ASIC warns on spruikers as SMSFs leverage into property

ScreenHunter_01 Apr. 13 10.29

By Leith van Onselen

The Australian Securities and Investments Commission (ASIC) yesterday released a report on Self Managed Super Funds (SMSFs), which summarises the findings of its 2012 investigation into risks in the SMSF sector, based on 18 entities that provided a financial service involving the establishment of an SMSF.

The Report shows that SMSFs are the fastest growing sector of the superannuation industry, both in terms of the share of assets under management and in the number of funds. As at 30 June 2012, there were over 478,000 SMSFs, with the sector now accounting for nearly one-third of superannuation assets in Australia, following average growth of 7.7% per year over the past 10 years (see next chart).

ScreenHunter_04 Apr. 19 10.12

In terms of total superannuation assets held, SMSFs are now the largest component, with the proportion of assets held by SMSFs more than doubling from 15% in 2000–01 to 31% in 2011–12 (see next chart).

ScreenHunter_05 Apr. 19 10.18

SMSFs are primarily held by older Australians, with 76% of SMSF members aged over the age of 50. In comparison, those over the age of 50 account for only 42% of public sector funds, 28% of retail funds, 26% of corporate funds and 19% of industry member funds (see next chart).

ScreenHunter_06 Apr. 19 10.21

The desire to have ‘control over investments’ is the key driver of the growth in SMSFs, with 59% of those surveyed citing this as a key reason for setting up an SMSF. Other major drivers include: the ability to choose specific stocks to invest in (38%); and the ability to make better investments than superannuation funds (27%).

Smaller funds tend to make more conservative investment choices, holding a greater proportion of cash, debt securities and term deposits than bigger funds, which tend to be more diversified (see next chart).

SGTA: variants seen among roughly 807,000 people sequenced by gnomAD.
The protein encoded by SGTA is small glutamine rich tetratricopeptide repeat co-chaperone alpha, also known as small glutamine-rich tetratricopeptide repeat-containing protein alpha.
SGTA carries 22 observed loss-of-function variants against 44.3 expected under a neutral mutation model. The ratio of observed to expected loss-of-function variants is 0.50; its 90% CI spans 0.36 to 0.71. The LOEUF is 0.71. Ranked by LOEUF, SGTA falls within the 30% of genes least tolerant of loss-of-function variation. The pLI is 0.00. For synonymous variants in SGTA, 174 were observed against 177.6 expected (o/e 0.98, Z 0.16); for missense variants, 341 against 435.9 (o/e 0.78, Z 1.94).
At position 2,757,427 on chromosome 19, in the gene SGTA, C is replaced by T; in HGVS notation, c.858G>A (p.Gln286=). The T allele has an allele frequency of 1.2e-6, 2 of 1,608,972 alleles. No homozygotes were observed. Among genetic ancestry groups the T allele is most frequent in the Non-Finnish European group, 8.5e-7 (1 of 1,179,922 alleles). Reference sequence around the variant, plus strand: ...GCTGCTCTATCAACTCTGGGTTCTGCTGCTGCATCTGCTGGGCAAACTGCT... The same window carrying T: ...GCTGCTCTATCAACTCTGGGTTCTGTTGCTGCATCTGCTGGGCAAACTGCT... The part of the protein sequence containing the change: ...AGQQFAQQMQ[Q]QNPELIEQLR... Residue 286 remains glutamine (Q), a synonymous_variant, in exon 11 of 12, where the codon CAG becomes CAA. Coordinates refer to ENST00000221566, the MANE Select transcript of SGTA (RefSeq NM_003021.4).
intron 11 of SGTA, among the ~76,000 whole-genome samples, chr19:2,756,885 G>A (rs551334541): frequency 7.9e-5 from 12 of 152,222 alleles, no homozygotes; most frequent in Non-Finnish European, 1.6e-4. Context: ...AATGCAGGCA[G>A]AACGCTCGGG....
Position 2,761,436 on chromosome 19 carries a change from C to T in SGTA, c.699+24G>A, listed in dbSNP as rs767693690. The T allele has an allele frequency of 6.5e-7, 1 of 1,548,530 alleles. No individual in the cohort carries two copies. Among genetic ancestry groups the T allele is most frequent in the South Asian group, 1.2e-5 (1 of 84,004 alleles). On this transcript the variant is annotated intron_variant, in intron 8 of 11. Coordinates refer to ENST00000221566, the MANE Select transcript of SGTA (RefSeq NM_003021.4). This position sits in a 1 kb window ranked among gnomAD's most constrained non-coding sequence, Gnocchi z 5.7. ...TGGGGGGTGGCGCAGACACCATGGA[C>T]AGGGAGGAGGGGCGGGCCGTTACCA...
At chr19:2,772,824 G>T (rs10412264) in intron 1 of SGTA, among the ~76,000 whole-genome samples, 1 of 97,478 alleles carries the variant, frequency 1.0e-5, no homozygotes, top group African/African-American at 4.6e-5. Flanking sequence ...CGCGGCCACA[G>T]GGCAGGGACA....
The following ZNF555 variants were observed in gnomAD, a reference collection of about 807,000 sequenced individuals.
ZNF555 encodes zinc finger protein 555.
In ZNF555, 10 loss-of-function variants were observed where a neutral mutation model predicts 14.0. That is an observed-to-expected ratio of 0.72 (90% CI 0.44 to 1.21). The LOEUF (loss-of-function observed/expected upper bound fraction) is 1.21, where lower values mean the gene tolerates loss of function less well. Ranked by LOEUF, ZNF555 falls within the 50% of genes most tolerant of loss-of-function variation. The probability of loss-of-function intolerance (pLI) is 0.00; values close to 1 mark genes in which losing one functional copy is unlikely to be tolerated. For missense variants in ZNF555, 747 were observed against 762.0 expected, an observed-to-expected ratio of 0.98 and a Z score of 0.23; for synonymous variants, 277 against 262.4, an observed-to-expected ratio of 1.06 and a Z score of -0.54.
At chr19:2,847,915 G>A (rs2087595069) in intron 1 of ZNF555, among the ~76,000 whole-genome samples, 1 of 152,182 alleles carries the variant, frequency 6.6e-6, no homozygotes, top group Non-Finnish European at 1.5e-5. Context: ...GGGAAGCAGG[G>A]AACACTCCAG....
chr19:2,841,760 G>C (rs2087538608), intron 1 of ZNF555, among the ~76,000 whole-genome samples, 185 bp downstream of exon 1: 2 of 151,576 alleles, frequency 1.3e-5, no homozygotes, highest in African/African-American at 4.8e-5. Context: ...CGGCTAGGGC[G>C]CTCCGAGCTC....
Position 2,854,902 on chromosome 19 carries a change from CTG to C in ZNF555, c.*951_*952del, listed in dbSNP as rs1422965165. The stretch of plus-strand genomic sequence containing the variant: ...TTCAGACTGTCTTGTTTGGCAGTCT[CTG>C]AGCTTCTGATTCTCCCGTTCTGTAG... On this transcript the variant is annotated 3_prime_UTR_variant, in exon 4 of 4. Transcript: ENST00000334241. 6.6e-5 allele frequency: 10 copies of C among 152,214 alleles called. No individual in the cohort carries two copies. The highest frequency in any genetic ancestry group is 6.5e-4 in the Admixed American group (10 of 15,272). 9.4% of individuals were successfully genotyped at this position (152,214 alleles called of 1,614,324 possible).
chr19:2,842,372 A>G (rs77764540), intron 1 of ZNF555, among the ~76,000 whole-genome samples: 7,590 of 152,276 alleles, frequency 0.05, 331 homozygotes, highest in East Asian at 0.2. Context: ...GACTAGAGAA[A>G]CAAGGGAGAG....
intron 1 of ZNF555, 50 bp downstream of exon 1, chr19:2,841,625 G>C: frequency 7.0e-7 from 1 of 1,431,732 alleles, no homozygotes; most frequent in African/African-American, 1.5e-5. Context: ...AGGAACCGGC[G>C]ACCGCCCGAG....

ScreenHunter_07 Apr. 19 10.27

Finally, nearly one-fifth (18%) of self-managed superannuation funds have borrowed to invest in real property. Of these SMSFs, the median amount borrowed was $350,000, the highest amount borrowed was $870,000, and the lowest amount borrowed was $22,803. SMSFs with more than $200,000 in assets were most to have investments in domestic property.

The report notes “concerning pockets of poor advice”, particularly in relation to recommendations that investors start an SMSF to borrow and invest in real estate. It also warns that “unlicensed financial advice in the SMSF sector will be a focus for ASIC in 2013 and we will be taking regulatory action against unlicensed operators”, noting that it would target property spruikers, in particular.

[email protected]

www.twitter.com/Leithvo

Comments

  1. Would this explain the recent apparent over representation and activity of investors on the property market and consequent (limited) price gains?

    • Yes, as NG/losses inside a SMSF can increase the capital contributions levels and save tax on the way in. It is a rort that must be shut down asap.

      • thomickersMEMBER

        nah its the middle class dual income ($60k + $60k) couples doing it. you require both people to be fully employed and Salary sacrifice in order to meet the schedule repayments. bound to end in tears if one becomes unemployed.

        the upperclass (1%) already have assets. they don’t need to borrow.

      • Thanks for the clarification.

        What % investing into geared property and using losses/increased cap contributions are we talking about?

      • innocent bystanderMEMBER

        I respect, and agree, with a lot of what u say Willy but “can increase the capital contributions levels” isn’t correct, you can only increase your contributions up to the cap, you can’t increase the cap.

      • Well, not quite…
        http://investorassist.com.au/articles/buying-investment-property-self-managed-super-fund-pros-and-cons

        Correct me if I am wrong…
        From another forum for investors…

        “I believe losses are held within the fund, so negative gearing doesn’t really apply to SMSFs. You can make additional contributions to super to cover the losses, and being volentary super contributions these are only taxed at 15% instead of your regular tax rate”